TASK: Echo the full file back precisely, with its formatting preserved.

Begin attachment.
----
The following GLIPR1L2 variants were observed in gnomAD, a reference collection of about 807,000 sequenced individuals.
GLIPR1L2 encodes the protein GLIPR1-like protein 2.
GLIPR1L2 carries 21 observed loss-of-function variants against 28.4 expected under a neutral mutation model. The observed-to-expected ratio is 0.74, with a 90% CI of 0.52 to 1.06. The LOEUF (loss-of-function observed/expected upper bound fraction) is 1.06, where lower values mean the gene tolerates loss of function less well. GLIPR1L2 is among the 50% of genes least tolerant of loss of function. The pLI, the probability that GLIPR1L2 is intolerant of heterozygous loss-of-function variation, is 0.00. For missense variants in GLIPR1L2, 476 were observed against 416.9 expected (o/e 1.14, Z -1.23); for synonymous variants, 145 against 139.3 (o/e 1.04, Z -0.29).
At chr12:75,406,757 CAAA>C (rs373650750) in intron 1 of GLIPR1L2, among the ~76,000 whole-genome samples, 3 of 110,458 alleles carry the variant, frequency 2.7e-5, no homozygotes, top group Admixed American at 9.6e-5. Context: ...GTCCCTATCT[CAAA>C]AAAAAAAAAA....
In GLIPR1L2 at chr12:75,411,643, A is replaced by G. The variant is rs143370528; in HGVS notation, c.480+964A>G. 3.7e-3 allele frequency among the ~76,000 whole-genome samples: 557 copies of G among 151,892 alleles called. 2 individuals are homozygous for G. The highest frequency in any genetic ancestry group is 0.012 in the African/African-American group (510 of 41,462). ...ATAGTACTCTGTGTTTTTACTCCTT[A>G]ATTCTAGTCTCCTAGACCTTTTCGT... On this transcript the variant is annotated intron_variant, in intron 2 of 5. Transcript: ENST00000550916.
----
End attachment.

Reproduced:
The following GLIPR1L2 variants were observed in gnomAD, a reference collection of about 807,000 sequenced individuals.
GLIPR1L2 encodes the protein GLIPR1-like protein 2.
GLIPR1L2 carries 21 observed loss-of-function variants against 28.4 expected under a neutral mutation model. The observed-to-expected ratio is 0.74, with a 90% CI of 0.52 to 1.06. The LOEUF (loss-of-function observed/expected upper bound fraction) is 1.06, where lower values mean the gene tolerates loss of function less well. GLIPR1L2 is among the 50% of genes least tolerant of loss of function. The pLI, the probability that GLIPR1L2 is intolerant of heterozygous loss-of-function variation, is 0.00. For missense variants in GLIPR1L2, 476 were observed against 416.9 expected (o/e 1.14, Z -1.23); for synonymous variants, 145 against 139.3 (o/e 1.04, Z -0.29).
At chr12:75,406,757 CAAA>C (rs373650750) in intron 1 of GLIPR1L2, among the ~76,000 whole-genome samples, 3 of 110,458 alleles carry the variant, frequency 2.7e-5, no homozygotes, top group Admixed American at 9.6e-5. Context: ...GTCCCTATCT[CAAA>C]AAAAAAAAAA....
In GLIPR1L2 at chr12:75,411,643, A is replaced by G. The variant is rs143370528; in HGVS notation, c.480+964A>G. 3.7e-3 allele frequency among the ~76,000 whole-genome samples: 557 copies of G among 151,892 alleles called. 2 individuals are homozygous for G. The highest frequency in any genetic ancestry group is 0.012 in the African/African-American group (510 of 41,462). ...ATAGTACTCTGTGTTTTTACTCCTT[A>G]ATTCTAGTCTCCTAGACCTTTTCGT... On this transcript the variant is annotated intron_variant, in intron 2 of 5. Transcript: ENST00000550916.